Bike paths! In Germany (sorry, spent more time there than anywhere else), you can literally bike from town to town and usually on dedicated greenway paths… no sharing the roadway.

aprilsimnel's avatar

I know this might upset people who live outside of, but work in, Manhattan, but I like how London has a toll to drive in The City. I’ve seen enough emergency vehicles become stuck in traffic while on a call. Also, there’s just too many private cars in Manhattan! Granted, I’m being a bit judgy, but I think people need to get over their cocoon habit and either carpool or ride public transport. The implications of the “one person per car” behavior around these parts is staggering.

And there needs to be more bike lanes. To ride a bicycle is to risk one’s life at a higher percentage than in other places because there are so many cars. Witnessing a messenger or two flip over his handlebars because of people opening car doors on the avenue side is. NOT. Pretty.

Grisson's avatar

@robmandu The link won’t let me log in… I take it this is something you might not find on the pavement. Perhaps a garment?

Mtl_zack's avatar

In Italy, wine at McDonald’s. In Holland, the ability to leave your bike outside without a lock and no one will steal it. In France, doctors visit you.

rooeytoo's avatar

Goes both ways though, I can tell you what you have in USA that is not here in Australia and I really really miss…..Peanut Butter Tandycakes and Butterscotch Krimpets! But we do have Lamingtons and Kababs, that helps to ease the pain. But truly Australia has a system of ordinary houses in ordinary neighborhoods that cater to providing a normal living situation for people with Muscular Dystrophy, etc. They have carers on a frequently one on one basis who live in and keep the household running. Might have 6 to 8 disabled people in the house. Seems a better idea than institutionalization.

augustlan's avatar

@asmonet The downtown branch of my bank here in Martinsburg, West by God Virginia has that same set up! Not a tube, but a bullet-proof glass vestibule with two sets of doors. You can’t enter the bank itself until the outer doors lock behind you, you are scanned, and the inner doors unlock with a buzz and a green light. If they were to be robbed, the exit doors are also designed to lock the robber in the vestibule until the police come.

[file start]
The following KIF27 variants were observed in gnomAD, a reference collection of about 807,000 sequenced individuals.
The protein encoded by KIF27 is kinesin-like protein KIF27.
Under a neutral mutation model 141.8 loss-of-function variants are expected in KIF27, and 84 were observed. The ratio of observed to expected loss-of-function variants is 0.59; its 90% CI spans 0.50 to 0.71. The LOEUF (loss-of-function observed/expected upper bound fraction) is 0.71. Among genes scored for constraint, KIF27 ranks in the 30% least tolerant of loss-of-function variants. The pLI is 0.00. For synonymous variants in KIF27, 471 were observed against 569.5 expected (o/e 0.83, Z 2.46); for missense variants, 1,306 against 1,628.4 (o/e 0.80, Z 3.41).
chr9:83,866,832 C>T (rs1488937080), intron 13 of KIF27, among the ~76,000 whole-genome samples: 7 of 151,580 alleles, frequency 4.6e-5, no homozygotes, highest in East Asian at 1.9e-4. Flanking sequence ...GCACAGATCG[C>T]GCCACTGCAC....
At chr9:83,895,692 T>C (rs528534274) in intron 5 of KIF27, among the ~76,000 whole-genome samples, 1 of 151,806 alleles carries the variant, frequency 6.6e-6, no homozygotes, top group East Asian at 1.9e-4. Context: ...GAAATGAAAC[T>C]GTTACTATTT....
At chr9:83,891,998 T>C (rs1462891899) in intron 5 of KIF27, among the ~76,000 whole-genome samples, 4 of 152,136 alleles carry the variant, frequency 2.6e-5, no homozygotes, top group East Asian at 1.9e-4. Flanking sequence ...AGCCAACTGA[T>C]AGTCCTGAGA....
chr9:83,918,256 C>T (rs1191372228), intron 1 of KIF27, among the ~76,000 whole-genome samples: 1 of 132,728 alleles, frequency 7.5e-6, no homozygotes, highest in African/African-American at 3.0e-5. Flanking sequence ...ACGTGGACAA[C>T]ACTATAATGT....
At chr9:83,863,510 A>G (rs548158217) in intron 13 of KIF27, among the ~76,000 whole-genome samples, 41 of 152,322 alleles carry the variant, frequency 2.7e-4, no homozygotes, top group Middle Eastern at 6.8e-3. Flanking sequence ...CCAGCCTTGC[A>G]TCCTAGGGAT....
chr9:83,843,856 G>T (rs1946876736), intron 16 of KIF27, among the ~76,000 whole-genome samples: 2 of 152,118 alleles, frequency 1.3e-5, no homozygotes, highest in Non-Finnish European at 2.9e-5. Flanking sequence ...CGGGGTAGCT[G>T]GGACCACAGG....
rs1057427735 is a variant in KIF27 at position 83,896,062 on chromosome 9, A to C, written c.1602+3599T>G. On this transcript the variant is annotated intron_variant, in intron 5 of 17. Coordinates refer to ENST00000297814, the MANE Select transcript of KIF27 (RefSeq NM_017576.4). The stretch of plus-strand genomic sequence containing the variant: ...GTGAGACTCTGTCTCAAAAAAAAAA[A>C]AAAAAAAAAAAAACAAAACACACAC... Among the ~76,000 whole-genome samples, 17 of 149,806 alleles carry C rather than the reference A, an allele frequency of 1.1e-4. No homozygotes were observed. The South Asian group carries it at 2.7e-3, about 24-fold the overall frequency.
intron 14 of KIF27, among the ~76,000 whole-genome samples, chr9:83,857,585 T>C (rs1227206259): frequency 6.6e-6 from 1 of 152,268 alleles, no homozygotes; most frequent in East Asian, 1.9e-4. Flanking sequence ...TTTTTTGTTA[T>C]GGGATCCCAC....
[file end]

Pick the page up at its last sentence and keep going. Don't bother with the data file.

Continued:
aprilsimnel's avatar

@rooeytoo – But we don’t have Tim Tams! :(

America needs Tim Tams on every store shelf!

francescadellacruz's avatar

Walking a lot in town, riding trains and old trolly cars everywhere else, providing decent health care, eating lots of fresh foods, and repairing instead of replacing things.

nebule's avatar

whats a tim tam????

aprilsimnel's avatar

The world’s most delicious choco bickies!

asmonet's avatar

@aug: What bank is that?
@rob: I’m so freaking jealous of Japan’s streets now. That’s so beautiful compared to our monstrosities.

nebule's avatar

mmmm…they sound a bit like “penguins” in britain… oh and I’ve just found this…hee hee… penguin

augustlan's avatar

First United Bank & Trust (aka ‘My Bank’), downtown Martinsburg, WV.

robmandu's avatar

@Grisson and anyone else having problems accessing Flickr, try this.

Grisson's avatar

@robmandu Wow. That’s pretty cool. Any idea what the numbers in the colored octagons mean?

robmandu's avatar

Hrrrrmmmmm…. no idea. If only there was a place online where one could ask questions of real people of things that a google search would not work well for.

:-P

Grisson's avatar

@robmandu Yeah, I guess I’ll just have to wait until somebody thinks to create one of those. ;o)
(You wanna ask it at the top level? or shall I?)

robmandu's avatar

I’m curious, too. I can ask… but don’t want to appear as self-promoting my blog by using it as the reference. :-\

So, if you don’t mind asking, that’d be great! Thx!

augustlan's avatar

@robmandu Beautiful! Thanks for posting the second link :)

maggiemaye's avatar

NO tipping (Singapore and others)
Dedicated business zones…you pay extra and have to have a sticker on your car to drive into say mid-town Manhattan or Center City, Wherever during designated “rush” hours. Much less congestion.